Today some people boast of the advancement of technology and the excessive knowledge of humanity to be able to deal with every situation that confronts us. However, little did they envisage that the ancient phenomenon of global pandemic could resurface to cause havoc to the peace and stability of the world. Till now, there is no vaccine or medication to cure COVID-19. Sadly, world leaders and scientists have all been brought to their knees by the threats of COVID-19. They have not been able to assure the world of a specific timeline that the disease will be completely eradicated for lives and businesses to return to normalcy. This is how vulnerable we are as humans!

In fact, the effect of COVID-19 has been obvious with no segment of society left unaffected, including religious activities, businesses, education, travel, tourism, and the general social lives of people. The world appears to be experiencing a lockdown. While some countries are already experiencing serious humanitarian crises, others are totally confused and bracing themselves up for the worse situation to happen in the days ahead. In the midst of this hopelessness and the fear that has stalked society, in which way can the church also provide leadership? If the world is in a lockdown, are the mercies and love of God too locked down? Absolutely No!

What did the Church do in the Past?

It is appropriate to draw inferences from how our past Christian compatriots conducted themselves when they were hit by plagues and pandemics so that we can relate it to our response to COVID-19. In the past, Christians stood very strong in pandemic situations to the extent that the church continued to grow and we shall take one example for our case study.

In 250 AD, the Roman Empire was ravaged by a plague known as, The Plague of Cyprian (249–262 AD) which was so dangerous that it could kill about 5,000 people a day in Rome. During the plague, Saint Cyprian (ca. 200 – 258 AD) of Carthage preached to the Christian community to overcome the terror of death caused by the pandemic and demonstrate their Christian virtues and benevolence. The response of Christians in that situation culminated in church growth, despite the fact that the church was also affected by the plague.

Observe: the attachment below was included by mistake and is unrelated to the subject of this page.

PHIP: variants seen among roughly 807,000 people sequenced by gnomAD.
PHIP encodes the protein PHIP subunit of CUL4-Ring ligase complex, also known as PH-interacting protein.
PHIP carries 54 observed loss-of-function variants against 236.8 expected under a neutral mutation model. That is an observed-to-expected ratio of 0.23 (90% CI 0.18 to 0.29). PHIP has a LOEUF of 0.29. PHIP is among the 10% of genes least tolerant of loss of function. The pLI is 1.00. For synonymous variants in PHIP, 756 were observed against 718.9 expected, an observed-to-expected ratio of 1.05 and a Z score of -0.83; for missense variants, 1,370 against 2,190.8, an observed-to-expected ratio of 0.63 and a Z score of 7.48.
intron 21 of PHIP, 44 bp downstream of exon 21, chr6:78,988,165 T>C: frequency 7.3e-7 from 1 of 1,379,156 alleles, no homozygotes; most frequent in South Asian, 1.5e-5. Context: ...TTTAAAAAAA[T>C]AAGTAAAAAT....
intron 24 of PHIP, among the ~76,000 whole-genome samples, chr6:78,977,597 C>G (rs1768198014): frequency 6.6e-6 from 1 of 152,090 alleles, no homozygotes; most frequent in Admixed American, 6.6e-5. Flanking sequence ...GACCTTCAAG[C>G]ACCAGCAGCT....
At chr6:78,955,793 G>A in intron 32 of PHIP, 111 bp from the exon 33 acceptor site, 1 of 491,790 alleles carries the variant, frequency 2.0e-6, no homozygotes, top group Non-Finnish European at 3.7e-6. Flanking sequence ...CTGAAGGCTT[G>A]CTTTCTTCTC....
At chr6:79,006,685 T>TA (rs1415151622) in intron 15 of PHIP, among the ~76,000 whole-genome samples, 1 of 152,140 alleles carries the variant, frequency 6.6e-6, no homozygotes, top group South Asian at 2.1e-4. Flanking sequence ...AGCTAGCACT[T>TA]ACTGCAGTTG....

Dionysius (ca. 200 – 265 AD), the bishop of Alexandria admonished believers at the time to be very strong with their faith and minister the love and mercy of Christ to people in the face of the crisis, “May we—with our own pandemic—live out the wisdom and way of Jesus before a watching world.” He testified about the Christians, thus, “heedless of the dangers, took charge of the sick, attending to their every need” (Stone 2020).

To put their Christian values and Kingdom Principles into practice, Christians at the time braced themselves up in the face of the plague and attended to the sick and provided care for the destitute. While non-Christians were hopeless and helpless as they ran away from their sick relatives and friends, Christians showed the love and mercy of Christ. Their kind gestures and heroic demonstration of faith combined with virtues won the admiration of many people (including those perceived to be their enemies) resulting in their massive conversion to Christianity. In times of crisis the Good News about Christ must be the hope of everyone as the past Christians did.

What can we also do to help people in need in our present situation of COVID-19? Are we to deny people of our support for fear of being infected with the disease or we will extend the love of Christ to society in these trying times of our faith? Obviously, now we have health professionals who have been well-trained to handle COVID-19 patients so there is the need for us to abide strictly by all the health and medical experts’ advice about the disease. The point, however, is how can we be of help to society as Christians in the face of our present situation?

Are we ready to open our homes for home cell and Bible study programmes as a response to Jesus’ statement that “For where two or three have gathered together in My name, I am there in their midst”? (Matt. 18:20 cf. Heb. 10:25). The fact is that our times are different from that of the past, but there is still something we can also do today to put our faith into practice.

The closure of businesses and lockdowns of many people at their various homes to stop the spread of the disease may make life difficult for the poor and needy in society. Are we ready to share some foodstuffs with them, particularly our neighbours or colleagues who may run out of food and other basic needs of life? In which way can we express the true love of Christ to other people in these desperate times, particularly to provide a social safety net for the poor and the needy? What about the assistance that can help health professionals, particularly those under resourced to deliver their services efficiently? It should be noted that the author does not intend to suggest everything that ought to be done as Christians in the face of COVID-19, but let us reflect on them to identify the best response in our local context.